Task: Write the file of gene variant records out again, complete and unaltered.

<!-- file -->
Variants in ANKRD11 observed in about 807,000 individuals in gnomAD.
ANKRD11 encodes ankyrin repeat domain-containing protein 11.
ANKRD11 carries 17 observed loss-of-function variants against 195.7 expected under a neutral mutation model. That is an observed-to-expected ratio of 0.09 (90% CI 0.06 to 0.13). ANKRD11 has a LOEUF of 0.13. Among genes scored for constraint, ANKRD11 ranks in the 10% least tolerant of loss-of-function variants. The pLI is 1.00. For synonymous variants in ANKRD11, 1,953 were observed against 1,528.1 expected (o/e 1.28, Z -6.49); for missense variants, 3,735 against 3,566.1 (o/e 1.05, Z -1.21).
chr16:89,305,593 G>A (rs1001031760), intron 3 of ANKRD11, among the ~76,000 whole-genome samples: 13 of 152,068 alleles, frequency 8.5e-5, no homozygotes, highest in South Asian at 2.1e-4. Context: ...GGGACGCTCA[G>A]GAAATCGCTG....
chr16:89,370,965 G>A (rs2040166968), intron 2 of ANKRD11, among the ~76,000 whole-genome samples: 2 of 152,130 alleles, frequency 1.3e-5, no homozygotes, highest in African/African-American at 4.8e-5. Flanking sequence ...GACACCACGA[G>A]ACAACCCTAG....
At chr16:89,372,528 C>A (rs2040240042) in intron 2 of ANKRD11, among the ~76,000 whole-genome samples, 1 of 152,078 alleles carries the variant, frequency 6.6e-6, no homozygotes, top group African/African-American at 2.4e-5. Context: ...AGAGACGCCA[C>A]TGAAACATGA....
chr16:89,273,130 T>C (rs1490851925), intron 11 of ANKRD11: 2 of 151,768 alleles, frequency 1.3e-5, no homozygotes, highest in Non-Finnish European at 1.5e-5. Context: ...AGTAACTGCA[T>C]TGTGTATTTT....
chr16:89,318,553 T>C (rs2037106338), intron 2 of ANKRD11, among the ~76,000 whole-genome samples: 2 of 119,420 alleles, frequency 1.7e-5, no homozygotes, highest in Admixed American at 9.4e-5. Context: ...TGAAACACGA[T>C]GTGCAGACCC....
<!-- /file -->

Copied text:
Variants in ANKRD11 observed in about 807,000 individuals in gnomAD.
ANKRD11 encodes ankyrin repeat domain-containing protein 11.
ANKRD11 carries 17 observed loss-of-function variants against 195.7 expected under a neutral mutation model. That is an observed-to-expected ratio of 0.09 (90% CI 0.06 to 0.13). ANKRD11 has a LOEUF of 0.13. Among genes scored for constraint, ANKRD11 ranks in the 10% least tolerant of loss-of-function variants. The pLI is 1.00. For synonymous variants in ANKRD11, 1,953 were observed against 1,528.1 expected (o/e 1.28, Z -6.49); for missense variants, 3,735 against 3,566.1 (o/e 1.05, Z -1.21).
chr16:89,305,593 G>A (rs1001031760), intron 3 of ANKRD11, among the ~76,000 whole-genome samples: 13 of 152,068 alleles, frequency 8.5e-5, no homozygotes, highest in South Asian at 2.1e-4. Context: ...GGGACGCTCA[G>A]GAAATCGCTG....
chr16:89,370,965 G>A (rs2040166968), intron 2 of ANKRD11, among the ~76,000 whole-genome samples: 2 of 152,130 alleles, frequency 1.3e-5, no homozygotes, highest in African/African-American at 4.8e-5. Flanking sequence ...GACACCACGA[G>A]ACAACCCTAG....
At chr16:89,372,528 C>A (rs2040240042) in intron 2 of ANKRD11, among the ~76,000 whole-genome samples, 1 of 152,078 alleles carries the variant, frequency 6.6e-6, no homozygotes, top group African/African-American at 2.4e-5. Context: ...AGAGACGCCA[C>A]TGAAACATGA....
chr16:89,273,130 T>C (rs1490851925), intron 11 of ANKRD11: 2 of 151,768 alleles, frequency 1.3e-5, no homozygotes, highest in Non-Finnish European at 1.5e-5. Context: ...AGTAACTGCA[T>C]TGTGTATTTT....
chr16:89,318,553 T>C (rs2037106338), intron 2 of ANKRD11, among the ~76,000 whole-genome samples: 2 of 119,420 alleles, frequency 1.7e-5, no homozygotes, highest in Admixed American at 9.4e-5. Context: ...TGAAACACGA[T>C]GTGCAGACCC....